Sitting there listening to Isiah talk, he was rather engaging. He can speak passionately about basketball, even when his team is 31 games under .500 and his job seems to be in jeopardy. He handles himself well, knows how to answer whatever is thrown at him. And in a way, I felt sorry for him last night, because he’s in the middle of a huge gossip storm and he’s trying to keep his head above water. (Later on I remembered that he pretty much got himself into this situation, and I didn’t feel so bad.) Still, I told Russ that if I was James Dolan or some other prospective employer, I can totally see how Isiah would be able to make a convincing argument for himself as the man who could solve all your problems and get your business on the right track.
Doesn’t mean he’d be correct, though.
As the game was getting set to tip off, I went home to watch the Cavs/Hornets game.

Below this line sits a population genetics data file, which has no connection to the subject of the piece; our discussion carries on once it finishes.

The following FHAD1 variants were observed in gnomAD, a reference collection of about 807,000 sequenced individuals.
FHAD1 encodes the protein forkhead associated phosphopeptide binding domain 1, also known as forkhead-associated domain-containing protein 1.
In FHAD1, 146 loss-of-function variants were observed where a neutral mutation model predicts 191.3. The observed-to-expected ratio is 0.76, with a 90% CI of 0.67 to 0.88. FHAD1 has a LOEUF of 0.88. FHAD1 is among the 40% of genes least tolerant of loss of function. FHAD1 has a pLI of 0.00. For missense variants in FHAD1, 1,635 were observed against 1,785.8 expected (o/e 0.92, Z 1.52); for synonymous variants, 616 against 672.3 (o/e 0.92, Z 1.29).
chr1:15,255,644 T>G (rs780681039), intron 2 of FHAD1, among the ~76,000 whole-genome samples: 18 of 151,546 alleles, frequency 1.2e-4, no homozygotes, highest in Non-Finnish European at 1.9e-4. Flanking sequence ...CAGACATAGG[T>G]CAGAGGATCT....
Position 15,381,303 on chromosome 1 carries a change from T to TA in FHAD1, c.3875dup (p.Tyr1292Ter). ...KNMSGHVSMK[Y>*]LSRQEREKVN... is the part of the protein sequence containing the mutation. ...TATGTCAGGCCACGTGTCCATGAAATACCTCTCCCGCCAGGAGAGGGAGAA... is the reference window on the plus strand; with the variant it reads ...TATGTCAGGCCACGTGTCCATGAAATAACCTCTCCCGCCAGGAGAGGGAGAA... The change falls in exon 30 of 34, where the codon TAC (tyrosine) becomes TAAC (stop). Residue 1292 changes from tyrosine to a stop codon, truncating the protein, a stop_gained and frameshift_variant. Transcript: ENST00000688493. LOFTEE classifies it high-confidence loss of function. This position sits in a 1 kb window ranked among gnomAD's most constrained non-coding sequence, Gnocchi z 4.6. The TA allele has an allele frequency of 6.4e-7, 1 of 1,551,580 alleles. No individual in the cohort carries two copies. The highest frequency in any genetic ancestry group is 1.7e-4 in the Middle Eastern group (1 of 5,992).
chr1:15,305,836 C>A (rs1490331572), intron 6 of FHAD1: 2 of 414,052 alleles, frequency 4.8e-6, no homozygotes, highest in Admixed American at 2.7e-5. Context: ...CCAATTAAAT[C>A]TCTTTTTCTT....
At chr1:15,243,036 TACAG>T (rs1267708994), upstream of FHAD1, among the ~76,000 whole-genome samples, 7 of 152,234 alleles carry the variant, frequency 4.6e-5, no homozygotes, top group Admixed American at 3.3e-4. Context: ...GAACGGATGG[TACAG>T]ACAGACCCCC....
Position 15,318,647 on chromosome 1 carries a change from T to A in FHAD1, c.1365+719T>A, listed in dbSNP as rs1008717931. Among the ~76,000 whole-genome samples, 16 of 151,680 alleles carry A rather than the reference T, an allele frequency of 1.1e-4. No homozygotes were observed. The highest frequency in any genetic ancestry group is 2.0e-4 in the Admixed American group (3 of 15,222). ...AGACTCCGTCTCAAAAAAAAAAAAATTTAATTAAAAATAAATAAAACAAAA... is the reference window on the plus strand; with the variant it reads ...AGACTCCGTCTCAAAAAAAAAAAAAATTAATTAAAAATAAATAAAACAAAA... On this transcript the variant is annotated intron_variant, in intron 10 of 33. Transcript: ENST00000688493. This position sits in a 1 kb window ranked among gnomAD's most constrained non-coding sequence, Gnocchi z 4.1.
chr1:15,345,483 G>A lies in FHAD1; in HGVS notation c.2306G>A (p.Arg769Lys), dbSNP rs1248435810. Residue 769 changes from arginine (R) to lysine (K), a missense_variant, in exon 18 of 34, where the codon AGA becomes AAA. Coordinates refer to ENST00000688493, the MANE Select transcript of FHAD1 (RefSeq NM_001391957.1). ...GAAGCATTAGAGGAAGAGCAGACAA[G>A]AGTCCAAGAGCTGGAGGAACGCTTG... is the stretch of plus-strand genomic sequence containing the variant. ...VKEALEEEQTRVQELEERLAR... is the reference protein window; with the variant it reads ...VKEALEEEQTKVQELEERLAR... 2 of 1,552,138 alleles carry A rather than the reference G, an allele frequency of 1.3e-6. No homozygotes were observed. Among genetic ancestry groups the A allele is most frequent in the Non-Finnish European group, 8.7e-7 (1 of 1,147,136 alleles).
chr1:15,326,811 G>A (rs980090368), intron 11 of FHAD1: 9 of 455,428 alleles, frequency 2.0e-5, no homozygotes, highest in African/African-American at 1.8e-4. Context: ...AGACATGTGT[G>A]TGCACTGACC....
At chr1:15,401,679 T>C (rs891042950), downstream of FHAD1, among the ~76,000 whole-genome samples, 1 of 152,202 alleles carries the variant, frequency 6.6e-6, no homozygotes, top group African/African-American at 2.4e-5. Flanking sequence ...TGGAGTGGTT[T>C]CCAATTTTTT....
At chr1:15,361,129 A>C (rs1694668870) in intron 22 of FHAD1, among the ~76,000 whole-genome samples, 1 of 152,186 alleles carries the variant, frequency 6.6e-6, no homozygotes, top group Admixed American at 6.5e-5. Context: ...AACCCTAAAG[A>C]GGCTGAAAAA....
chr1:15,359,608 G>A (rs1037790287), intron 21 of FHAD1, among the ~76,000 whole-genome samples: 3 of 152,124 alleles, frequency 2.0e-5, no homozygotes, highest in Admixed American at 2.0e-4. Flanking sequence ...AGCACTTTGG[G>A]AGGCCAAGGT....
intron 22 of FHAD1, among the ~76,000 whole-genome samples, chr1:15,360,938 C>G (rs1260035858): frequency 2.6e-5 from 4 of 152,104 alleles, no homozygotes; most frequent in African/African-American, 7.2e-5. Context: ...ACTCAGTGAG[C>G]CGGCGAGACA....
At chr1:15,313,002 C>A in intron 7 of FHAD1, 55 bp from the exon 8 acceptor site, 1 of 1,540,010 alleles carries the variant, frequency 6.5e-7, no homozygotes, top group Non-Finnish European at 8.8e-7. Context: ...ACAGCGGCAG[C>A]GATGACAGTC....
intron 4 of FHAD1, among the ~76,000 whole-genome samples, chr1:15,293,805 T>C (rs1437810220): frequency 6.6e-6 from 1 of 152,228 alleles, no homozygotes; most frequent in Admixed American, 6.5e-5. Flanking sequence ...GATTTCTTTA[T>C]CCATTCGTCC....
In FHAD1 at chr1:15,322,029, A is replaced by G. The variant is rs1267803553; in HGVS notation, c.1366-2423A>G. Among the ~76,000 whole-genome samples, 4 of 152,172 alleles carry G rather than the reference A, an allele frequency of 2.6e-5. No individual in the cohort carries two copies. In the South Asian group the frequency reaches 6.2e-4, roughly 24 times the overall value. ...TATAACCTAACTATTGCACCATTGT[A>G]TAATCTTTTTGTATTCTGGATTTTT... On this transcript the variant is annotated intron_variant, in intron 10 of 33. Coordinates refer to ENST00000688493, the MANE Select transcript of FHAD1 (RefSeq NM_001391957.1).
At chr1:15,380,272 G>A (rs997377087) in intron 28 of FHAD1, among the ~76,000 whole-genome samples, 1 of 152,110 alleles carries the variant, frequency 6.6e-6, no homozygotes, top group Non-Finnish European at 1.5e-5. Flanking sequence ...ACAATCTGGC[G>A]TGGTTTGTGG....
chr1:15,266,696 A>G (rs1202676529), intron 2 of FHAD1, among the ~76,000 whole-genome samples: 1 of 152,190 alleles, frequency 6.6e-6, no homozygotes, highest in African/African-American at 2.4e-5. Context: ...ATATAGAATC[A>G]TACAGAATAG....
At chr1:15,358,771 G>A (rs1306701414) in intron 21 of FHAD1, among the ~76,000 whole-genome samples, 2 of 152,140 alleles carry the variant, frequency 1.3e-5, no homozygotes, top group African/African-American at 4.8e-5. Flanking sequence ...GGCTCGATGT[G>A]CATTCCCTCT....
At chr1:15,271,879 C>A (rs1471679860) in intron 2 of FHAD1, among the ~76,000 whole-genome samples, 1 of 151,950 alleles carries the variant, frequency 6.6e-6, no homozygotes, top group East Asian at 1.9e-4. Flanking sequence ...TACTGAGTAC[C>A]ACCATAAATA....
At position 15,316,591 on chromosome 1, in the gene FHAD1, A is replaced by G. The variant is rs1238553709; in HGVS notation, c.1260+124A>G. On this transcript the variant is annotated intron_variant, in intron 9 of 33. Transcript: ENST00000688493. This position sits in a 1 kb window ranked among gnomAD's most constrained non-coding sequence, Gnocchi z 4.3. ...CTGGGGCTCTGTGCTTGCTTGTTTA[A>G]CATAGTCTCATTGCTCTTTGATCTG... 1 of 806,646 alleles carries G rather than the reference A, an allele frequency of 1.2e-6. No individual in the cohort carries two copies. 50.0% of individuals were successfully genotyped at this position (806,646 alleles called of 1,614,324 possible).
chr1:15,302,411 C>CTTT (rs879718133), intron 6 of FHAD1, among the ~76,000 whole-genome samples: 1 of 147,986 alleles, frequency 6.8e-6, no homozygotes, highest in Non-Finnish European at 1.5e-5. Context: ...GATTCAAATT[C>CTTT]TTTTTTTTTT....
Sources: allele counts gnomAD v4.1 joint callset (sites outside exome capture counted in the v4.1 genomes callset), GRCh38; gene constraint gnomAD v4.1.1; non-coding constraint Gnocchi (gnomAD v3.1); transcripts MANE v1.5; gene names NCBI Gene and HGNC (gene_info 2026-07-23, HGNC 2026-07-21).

As it turned out, My Guy and I were both wrong. Isiah was, and is, still coaching the Knicks.
For now, at least.
• Here’s a cool site someone sent me a link to today. It’s called muxtape.com, and you can create your own mixtape and upload it online and email the link to people, who can then listen to your mixtape over the net. Looks pretty good. I’d be using here at my desk today except our internet here in the SLAM Dome is powered by gerbils and is not fast enough for this new-fangled technology. Seems like a good way to share whatever you’re listening to, though. I’ll upload some stuff one of these days and pass it along to you guys. And if any of you guys think you can impress everyone with your mixtape, make one and send me the link and I’ll post it. I have high hopes for a possible mixtape from Sam or DJ Toney Blare.
• Speaking of Toney Blare, I left the Knicks/Heat game and went home and did indeed watch the Cavs/Hornets game. You guys know what happened by now. I’ve been on the Hornets bandwagon for a few weeks now, and I still think they’re going to surprise some people in the postseason, but there was one thing last night that I thought was kind of strange.